Polling is confirming what many have sensed: Liberals have helped bring Trump back.
Certainly, the president has helped himself with notable recent victories, but the Left has been his perfect foil. In effect, they have accentuated President Trump and his accomplishments by making him the only alternative to them.
It was not long ago that President Trump was mired in opinion polling’s depths. According to Rasmussen, Trump hit his low job approval/disapproval rating of 38/62 percent on 8/2/17.
While Trump was descending, liberals were (up)rising. Enraged by Trump’s 2016 victory and emboldened by his fall in the polls, the Left took increasingly high-profile stands against the president and administration.
Of course, the latest and highest profile of these stands was their orchestrated and extended effort against the administration’s then-Supreme Court nominee, Brett Kavanaugh. Unlike the other more one-off episodes, this sustained attack lasted for weeks and consumed the nation in the process.
When we look back, we may well remember liberals’ Kavanaugh confirmation fight as their counterattack’s high water mark There can be little doubt that the Left has helped Trump up from his depths. And that momentum now appears to be picking up steam.
According to Rasmussen’s 10/10 release of polling on the Kavanaugh confirmation, 62 percent of voters are angry at the nominee’s Senate treatment and 42 percent are very angry. In comparison, 56 percent are angry at his accuser’s Senate treatment and 35 percent are very angry. The net effect on both favors President Trump.
Considering those numbers, it is not surprising that on 10/8, following Kavanaugh’s Saturday confirmation, Rasmussen showed President Trump had a 51/47-percent approval rating. From his nadir just 14 months ago, that is an improvement of 13 percent on the upside, and 15 percent off the downside. His approval is also 5-percent higher than the 46 percent of the popular vote he won in 2016, and his disapproval one percent lower than the 48 percent Clinton won against him in 2016.
Similarly, congressional Republicans also appeared to benefit. Rasmussen’s 10/10 generic congressional ballot poll showed Republicans and Democrats tied at 45 percent apiece. That is only Republicans’ second tie since May in this poll.
Of course, President Trump has helped himself with policy achievements. At home, there has been the first comprehensive tax reform in three decades and two Supreme Court nominees in two years Abroad, there has been a major North American trade renegotiation and the almost complete disappearance of ISIS from mention in the press.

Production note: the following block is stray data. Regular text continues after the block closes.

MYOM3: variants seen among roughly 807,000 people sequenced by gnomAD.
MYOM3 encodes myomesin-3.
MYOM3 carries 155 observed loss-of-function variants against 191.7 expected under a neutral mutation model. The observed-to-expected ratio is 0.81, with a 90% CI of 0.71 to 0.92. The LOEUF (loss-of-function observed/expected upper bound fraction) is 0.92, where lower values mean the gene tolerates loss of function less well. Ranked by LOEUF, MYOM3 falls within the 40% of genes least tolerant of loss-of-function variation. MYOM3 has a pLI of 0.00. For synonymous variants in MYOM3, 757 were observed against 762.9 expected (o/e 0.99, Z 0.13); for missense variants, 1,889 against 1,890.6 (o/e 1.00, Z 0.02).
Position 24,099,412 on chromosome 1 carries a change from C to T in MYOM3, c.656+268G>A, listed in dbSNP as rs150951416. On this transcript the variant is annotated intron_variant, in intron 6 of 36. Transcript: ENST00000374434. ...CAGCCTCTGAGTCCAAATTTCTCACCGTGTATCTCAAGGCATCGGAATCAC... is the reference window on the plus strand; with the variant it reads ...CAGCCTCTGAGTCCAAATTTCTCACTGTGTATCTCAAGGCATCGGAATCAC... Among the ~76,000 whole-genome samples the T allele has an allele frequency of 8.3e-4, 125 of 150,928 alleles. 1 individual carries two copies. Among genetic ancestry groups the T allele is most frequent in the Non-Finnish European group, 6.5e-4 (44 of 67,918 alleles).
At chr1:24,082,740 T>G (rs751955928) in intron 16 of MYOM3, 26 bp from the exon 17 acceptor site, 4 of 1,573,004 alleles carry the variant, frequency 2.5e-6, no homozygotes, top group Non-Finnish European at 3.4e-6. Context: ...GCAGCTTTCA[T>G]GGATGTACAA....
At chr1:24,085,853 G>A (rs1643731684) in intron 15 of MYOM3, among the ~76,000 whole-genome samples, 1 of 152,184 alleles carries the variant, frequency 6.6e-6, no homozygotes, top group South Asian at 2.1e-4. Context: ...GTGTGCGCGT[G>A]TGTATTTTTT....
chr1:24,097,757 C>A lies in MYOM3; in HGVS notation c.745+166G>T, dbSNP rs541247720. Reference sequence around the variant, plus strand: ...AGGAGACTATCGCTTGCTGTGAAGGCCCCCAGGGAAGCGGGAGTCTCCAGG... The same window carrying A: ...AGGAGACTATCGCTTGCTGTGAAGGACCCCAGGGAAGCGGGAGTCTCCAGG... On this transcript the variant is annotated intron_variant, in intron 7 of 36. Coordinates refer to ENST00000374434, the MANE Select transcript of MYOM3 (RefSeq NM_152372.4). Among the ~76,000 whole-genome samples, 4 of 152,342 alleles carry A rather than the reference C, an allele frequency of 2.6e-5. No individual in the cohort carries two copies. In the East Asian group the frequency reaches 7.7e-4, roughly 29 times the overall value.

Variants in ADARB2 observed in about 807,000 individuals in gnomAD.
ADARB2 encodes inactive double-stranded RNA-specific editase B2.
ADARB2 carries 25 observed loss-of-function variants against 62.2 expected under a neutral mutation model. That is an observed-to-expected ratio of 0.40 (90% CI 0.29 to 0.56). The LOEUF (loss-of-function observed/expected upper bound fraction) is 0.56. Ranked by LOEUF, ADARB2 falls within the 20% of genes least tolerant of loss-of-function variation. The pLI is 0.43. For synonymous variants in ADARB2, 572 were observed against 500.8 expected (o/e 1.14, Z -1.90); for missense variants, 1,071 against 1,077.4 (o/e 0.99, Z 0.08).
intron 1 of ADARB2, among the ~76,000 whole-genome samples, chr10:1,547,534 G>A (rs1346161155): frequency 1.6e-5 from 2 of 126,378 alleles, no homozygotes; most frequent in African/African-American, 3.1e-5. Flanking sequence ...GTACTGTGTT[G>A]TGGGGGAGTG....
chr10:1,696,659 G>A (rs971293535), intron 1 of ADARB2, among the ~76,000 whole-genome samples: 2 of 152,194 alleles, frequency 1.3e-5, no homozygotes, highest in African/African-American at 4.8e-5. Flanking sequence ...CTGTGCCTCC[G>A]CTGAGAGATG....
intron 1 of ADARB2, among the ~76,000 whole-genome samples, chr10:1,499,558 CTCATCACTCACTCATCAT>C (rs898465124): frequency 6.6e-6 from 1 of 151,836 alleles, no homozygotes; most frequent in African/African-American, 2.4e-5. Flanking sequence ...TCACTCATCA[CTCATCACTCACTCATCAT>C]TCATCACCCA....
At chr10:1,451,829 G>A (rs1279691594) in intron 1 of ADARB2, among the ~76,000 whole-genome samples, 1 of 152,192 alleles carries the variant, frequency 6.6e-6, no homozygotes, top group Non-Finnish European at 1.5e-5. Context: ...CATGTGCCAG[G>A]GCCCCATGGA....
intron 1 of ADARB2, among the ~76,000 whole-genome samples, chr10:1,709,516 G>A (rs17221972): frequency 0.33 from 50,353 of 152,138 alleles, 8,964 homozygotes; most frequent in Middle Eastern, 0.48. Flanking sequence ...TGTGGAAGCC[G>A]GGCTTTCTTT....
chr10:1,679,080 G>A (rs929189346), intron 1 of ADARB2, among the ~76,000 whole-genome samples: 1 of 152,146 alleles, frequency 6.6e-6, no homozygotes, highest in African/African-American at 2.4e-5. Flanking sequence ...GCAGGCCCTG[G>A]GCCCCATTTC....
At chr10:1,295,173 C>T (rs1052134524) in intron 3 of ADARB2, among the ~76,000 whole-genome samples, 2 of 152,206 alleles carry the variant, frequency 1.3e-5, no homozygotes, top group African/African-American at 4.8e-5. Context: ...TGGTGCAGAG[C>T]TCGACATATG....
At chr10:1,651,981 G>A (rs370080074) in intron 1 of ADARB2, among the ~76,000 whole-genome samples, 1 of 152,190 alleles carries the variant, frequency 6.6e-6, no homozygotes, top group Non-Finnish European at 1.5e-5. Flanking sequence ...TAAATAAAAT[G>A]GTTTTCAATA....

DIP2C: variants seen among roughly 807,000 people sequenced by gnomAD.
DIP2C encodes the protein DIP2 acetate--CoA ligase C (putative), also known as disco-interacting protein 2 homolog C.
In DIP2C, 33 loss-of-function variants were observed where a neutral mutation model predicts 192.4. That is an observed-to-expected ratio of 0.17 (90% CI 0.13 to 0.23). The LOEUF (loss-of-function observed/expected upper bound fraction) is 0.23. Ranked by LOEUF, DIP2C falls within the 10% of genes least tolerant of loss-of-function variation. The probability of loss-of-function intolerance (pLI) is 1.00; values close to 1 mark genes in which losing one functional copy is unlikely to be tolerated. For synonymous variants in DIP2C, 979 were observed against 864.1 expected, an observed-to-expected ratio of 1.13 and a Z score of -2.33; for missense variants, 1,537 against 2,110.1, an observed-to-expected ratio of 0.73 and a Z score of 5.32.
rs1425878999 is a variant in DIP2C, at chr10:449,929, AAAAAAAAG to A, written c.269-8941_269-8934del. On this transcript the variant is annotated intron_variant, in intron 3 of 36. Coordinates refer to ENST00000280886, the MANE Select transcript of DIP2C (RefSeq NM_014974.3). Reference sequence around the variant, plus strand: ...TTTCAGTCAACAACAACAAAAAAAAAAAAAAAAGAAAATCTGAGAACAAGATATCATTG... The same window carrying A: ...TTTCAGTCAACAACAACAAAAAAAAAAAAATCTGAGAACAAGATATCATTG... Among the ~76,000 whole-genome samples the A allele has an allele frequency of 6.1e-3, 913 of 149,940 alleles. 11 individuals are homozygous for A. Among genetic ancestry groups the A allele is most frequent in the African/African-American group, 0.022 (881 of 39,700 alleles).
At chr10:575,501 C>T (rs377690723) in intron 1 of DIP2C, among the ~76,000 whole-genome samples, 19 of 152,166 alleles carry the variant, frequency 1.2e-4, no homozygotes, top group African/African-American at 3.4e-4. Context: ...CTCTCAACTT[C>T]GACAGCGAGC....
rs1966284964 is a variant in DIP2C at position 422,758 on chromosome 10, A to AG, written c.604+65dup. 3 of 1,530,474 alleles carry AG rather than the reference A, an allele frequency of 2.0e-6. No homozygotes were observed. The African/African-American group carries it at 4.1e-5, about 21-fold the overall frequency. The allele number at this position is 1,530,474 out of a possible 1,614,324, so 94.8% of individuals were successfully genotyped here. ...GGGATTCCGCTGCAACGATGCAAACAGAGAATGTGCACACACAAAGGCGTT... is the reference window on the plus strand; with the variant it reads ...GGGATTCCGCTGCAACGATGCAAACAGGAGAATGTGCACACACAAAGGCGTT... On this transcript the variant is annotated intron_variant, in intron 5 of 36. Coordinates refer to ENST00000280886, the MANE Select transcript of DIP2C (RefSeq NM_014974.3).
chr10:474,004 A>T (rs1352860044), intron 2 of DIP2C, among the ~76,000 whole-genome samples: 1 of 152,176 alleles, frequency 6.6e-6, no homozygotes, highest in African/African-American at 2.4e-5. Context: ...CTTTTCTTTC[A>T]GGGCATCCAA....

Liberals, however, have unmistakably helped President Trump, too. By repeatedly stoking their own outrage, they have also increasingly stoked a response to it. In doing so, they have elevated President Trump as an alternative to them — if not simply THE alternative to them.
Because liberals are easily America’s smallest ideological group (just 26 percent, according to 2016 presidential exit polling), the odds greatly favor President Trump when they take action. Odds are that the remaining three-quarters of Americans are less likely to join them in their outrage than to take a different position.
This presents Trump a huge opportunity. And the more strident the Left is, the less likely the other three-quarters of America to join them — and the bigger President Trump’s opening. Yet, as the Kavanaugh confirmation shows, liberals’ response to President Trump has only to become more of what they should not.
Ironically, when Trump was running for the Republican nomination two years ago, his success resulted from his distance from the mainstream politicians competing with him. Now in office, his liberal opponents’ distance from the mainstream has the effect of making him look more so himself.
Liberals must remember that they are America’s decided ideological minority for a reason. To be successful, they must advance their agenda behind someone more accessible to America — as they did so well with the last administration.
It is easy to see that throughout his short political career Donald Trump has been his own worst enemy. It is becoming even easier to see that now in office, liberals have become his best friends.
For the Left, they must decide if they are going to help themselves, by restraining their own worst inveterate inclinations, or if they are going to continue doing their inadvertent best to help Trump.
J.T. Young served under President George W. Bush as the director of communications in the Office of Management and Budget and as deputy assistant secretary in legislative affairs for tax and budget at the Treasury Department.
The views and opinions expressed in this commentary are those of the author and do not reflect the official position of The Daily Caller